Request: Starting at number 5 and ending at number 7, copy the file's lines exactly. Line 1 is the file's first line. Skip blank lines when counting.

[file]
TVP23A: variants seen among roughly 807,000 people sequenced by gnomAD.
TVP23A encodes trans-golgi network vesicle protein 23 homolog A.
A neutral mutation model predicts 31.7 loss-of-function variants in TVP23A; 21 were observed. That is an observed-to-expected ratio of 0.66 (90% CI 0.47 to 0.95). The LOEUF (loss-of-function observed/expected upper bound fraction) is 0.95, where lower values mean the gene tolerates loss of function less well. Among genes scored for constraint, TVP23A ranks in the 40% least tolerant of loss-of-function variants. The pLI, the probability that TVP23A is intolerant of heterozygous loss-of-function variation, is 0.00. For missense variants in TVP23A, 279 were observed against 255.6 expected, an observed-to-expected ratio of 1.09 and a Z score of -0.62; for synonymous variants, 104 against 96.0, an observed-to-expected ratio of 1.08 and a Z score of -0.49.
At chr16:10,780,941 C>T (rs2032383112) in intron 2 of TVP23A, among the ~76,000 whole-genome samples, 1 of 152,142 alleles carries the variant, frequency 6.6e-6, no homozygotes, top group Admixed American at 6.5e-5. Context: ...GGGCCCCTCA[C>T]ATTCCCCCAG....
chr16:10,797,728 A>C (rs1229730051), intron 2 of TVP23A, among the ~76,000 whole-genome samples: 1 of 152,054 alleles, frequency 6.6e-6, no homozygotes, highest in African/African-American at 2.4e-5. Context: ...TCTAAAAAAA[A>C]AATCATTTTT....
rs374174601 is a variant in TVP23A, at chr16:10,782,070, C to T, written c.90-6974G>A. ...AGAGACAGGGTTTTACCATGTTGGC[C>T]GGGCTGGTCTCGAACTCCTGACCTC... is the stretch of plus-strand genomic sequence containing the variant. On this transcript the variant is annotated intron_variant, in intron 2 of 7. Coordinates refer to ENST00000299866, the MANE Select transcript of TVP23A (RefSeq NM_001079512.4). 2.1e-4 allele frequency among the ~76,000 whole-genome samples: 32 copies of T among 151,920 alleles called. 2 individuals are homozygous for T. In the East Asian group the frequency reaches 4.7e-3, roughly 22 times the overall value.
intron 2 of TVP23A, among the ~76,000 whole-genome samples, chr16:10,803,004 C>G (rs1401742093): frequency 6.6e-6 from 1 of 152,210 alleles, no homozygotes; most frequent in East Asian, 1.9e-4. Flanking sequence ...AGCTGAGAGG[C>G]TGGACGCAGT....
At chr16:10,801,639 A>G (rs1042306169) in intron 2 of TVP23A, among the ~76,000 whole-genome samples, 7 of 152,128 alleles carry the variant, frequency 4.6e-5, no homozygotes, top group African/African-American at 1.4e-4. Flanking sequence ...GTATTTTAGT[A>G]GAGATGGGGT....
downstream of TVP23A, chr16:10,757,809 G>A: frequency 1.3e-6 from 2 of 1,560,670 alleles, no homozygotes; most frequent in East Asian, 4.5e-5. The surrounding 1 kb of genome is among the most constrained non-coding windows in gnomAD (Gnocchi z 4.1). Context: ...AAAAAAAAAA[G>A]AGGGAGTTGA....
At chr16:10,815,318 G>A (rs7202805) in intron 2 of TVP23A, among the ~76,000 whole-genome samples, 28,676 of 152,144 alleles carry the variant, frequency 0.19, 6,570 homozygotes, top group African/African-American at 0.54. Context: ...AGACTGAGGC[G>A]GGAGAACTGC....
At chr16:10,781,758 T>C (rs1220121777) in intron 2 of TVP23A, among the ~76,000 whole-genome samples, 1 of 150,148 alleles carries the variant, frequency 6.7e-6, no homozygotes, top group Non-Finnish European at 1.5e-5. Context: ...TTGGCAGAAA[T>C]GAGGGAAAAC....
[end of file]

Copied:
chr16:10,797,728 A>C (rs1229730051), intron 2 of TVP23A, among the ~76,000 whole-genome samples: 1 of 152,054 alleles, frequency 6.6e-6, no homozygotes, highest in African/African-American at 2.4e-5. Context: ...TCTAAAAAAA[A>C]AATCATTTTT....
rs374174601 is a variant in TVP23A, at chr16:10,782,070, C to T, written c.90-6974G>A. ...AGAGACAGGGTTTTACCATGTTGGC[C>T]GGGCTGGTCTCGAACTCCTGACCTC... is the stretch of plus-strand genomic sequence containing the variant. On this transcript the variant is annotated intron_variant, in intron 2 of 7. Coordinates refer to ENST00000299866, the MANE Select transcript of TVP23A (RefSeq NM_001079512.4). 2.1e-4 allele frequency among the ~76,000 whole-genome samples: 32 copies of T among 151,920 alleles called. 2 individuals are homozygous for T. In the East Asian group the frequency reaches 4.7e-3, roughly 22 times the overall value.
intron 2 of TVP23A, among the ~76,000 whole-genome samples, chr16:10,803,004 C>G (rs1401742093): frequency 6.6e-6 from 1 of 152,210 alleles, no homozygotes; most frequent in East Asian, 1.9e-4. Flanking sequence ...AGCTGAGAGG[C>G]TGGACGCAGT....